Kenya’s traditional washed process is a big factor in the unique character of Kenyan coffees. The cherries are first depulped mechanically, as soon as they arrive at the factory. The cherries should arrive for depulping as soon as possible after picking, hence why cooperatives make a great effort to have factories located close to concentrations of smallholders. After depulping, the seeds are covered in a layer of sticky fruity pulp, or mucilage. The mucilage is fermented in large tanks for between 12 and 24 hours, breaking it down to a point that it can be thoroughly ‘washed’ from the seeds, using long washing channels. Then, before drying, the cherries are taken to another set of fermentation tanks, and fermented again under water, normally for a shorter time, between 10 and 12 hours. This ‘double soak’ is popular in Kenya, and is useful not only for enhancing the cleanliness and intensity of the final cup, but also as a second opportunity to sort for lower density floating seeds, as these are often of lower quality, or from unripe cherries. This attention to detail is the reason Kenyan coffees are so consistently of very high quality, and why they carry a price premium above many other producing countries.

About La Cabra

A focus on raw material

If we don’t feel that a coffee suits our style or what we like to present, we simply won’t buy it. Sometimes this leads to issues in green buying; we have to pay very close attention, to a level of green quality that will support this approach, and to how this will develop over the life of a coffee. We are required to focus heavily on the freshness of coffee, both green and roasted, to avoid introducing taints into our cups. We always use clean and fresh water, of an ideal mineral content to present the coffee in its best possible light. Once we have the correct roasting profile, water, and coffee age, the act of brewing is much more simple. A wide variance in brewing parameters can still produce delicious and transparent cups. It is also important to note that this is not always the most consistent approach. The coffee is laid completely bare, so any flaw with the raw material is clearly on show. We could often develop some coffees slightly more, to make them more approachable or easy to work with, but wavering from our philosophy like this would compromise our commitment to complete transparency in coffee.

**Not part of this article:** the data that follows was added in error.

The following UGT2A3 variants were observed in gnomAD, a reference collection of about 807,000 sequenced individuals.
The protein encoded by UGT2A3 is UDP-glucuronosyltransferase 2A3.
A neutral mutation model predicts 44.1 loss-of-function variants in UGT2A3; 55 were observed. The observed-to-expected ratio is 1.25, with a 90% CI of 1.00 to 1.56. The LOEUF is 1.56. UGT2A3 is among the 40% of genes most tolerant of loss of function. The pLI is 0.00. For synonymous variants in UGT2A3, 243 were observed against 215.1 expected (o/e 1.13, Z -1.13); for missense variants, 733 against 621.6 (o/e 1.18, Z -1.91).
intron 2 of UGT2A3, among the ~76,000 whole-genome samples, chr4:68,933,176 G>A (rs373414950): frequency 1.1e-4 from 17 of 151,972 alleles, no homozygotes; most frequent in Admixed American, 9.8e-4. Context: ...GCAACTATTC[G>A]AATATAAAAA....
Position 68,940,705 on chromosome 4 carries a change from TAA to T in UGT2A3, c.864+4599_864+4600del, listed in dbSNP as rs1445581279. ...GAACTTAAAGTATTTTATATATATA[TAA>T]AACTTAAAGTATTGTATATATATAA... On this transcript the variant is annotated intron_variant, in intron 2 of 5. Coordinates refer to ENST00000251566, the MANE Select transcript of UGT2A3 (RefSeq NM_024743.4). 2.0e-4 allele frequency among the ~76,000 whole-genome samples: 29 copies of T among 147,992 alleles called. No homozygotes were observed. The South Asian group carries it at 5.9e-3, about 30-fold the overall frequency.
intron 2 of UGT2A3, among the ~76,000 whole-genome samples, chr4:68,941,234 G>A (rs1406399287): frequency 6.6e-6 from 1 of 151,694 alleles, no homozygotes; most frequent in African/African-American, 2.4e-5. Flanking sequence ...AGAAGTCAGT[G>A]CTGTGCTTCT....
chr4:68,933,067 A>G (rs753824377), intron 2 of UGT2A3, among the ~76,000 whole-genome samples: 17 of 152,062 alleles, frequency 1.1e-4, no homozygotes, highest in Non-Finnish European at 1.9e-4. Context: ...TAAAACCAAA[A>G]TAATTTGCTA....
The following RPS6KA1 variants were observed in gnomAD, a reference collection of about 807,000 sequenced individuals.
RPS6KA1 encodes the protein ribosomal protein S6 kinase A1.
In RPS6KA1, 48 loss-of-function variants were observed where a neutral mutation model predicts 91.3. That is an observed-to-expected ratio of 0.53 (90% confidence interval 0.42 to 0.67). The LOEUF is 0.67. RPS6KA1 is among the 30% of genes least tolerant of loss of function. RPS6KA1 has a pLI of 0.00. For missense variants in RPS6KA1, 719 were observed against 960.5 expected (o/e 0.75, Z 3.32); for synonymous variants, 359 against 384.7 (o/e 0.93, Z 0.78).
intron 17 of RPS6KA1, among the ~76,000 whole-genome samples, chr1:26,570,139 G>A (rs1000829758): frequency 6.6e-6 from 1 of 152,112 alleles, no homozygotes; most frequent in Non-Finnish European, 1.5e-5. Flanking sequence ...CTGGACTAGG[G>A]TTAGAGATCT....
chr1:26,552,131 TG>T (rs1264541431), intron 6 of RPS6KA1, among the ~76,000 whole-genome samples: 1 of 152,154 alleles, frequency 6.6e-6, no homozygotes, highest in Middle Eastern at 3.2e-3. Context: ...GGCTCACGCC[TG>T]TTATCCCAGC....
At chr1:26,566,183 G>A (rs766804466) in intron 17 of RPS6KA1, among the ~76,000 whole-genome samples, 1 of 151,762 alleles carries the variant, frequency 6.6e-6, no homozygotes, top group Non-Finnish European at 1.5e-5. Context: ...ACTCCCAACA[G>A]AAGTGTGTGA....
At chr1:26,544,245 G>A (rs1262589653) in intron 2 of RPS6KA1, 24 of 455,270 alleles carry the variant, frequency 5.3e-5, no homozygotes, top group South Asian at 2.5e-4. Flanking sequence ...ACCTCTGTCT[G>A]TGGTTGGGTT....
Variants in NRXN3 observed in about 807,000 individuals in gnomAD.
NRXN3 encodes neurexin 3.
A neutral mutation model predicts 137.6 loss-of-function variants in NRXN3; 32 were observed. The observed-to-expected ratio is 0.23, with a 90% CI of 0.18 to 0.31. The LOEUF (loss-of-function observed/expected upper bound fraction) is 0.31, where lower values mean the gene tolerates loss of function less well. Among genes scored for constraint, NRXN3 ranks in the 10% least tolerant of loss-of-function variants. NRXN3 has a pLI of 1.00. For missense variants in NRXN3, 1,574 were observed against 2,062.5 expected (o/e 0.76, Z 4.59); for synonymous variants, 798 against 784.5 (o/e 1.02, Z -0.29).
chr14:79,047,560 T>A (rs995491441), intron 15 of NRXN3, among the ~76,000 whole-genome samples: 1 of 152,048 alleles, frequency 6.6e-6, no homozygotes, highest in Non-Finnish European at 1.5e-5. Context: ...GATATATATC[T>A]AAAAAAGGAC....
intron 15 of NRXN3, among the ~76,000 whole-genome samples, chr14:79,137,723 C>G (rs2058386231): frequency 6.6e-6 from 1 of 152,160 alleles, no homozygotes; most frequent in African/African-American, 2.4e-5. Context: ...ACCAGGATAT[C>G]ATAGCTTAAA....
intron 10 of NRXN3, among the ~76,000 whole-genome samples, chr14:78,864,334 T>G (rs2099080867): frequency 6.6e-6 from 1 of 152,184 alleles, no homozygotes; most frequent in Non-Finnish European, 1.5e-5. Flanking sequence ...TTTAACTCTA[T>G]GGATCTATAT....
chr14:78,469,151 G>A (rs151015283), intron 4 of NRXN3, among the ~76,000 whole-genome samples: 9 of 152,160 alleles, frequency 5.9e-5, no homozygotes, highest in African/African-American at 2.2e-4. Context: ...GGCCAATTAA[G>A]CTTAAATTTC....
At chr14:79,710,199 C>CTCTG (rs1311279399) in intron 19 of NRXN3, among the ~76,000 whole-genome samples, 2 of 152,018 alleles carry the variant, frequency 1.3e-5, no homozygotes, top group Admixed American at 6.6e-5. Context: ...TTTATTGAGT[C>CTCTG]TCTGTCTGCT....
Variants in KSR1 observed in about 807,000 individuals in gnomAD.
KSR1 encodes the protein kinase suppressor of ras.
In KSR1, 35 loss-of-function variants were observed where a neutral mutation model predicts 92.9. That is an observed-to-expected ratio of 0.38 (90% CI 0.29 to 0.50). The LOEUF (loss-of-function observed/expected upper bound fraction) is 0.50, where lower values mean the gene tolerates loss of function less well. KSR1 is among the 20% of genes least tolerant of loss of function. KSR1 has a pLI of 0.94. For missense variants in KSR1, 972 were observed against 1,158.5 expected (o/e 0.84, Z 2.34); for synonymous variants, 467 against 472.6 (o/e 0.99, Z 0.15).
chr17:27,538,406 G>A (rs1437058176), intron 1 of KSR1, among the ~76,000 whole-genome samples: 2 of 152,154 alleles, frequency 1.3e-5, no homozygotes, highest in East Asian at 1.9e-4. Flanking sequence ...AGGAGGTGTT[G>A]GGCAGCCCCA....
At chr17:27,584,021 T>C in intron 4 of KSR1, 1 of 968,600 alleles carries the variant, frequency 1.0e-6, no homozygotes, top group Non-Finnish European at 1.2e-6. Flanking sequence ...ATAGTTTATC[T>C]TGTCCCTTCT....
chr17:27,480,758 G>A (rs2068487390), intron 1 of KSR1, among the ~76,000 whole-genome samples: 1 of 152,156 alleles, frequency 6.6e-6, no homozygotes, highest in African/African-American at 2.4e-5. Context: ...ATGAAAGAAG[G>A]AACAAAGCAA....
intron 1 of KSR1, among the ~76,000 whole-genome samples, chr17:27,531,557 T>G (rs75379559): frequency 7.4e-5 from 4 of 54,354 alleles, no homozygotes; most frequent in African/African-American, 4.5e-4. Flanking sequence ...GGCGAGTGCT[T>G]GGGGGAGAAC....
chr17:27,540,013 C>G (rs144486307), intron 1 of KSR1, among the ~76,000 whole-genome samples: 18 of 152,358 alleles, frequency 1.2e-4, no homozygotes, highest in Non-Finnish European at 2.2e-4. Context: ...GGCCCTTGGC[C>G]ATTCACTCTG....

Read more

Technical
Data

Producer Kahawa Bora
Region Nyeri
Altitude 1600-2000 masl
Varietal SL28, SL34, Batian
Process Washed
Harvest November 2018

Process
Washed

The washed process involves completely removing both the cherry and the mucilage from the outside of the parchment with the use of friction, fermentation and water. After being harvested, the coffee cherry is then sliced open by either a metal or a sharp plastic blade. The two seeds (also known as beans) are pushed out of the cherry, which leaves the seed with mucilage as their outermost layer. It is essential in the washed process that all mucilage is removed from the seed which leaves only the flavor that developed in the cell structure of the seed prior to processing.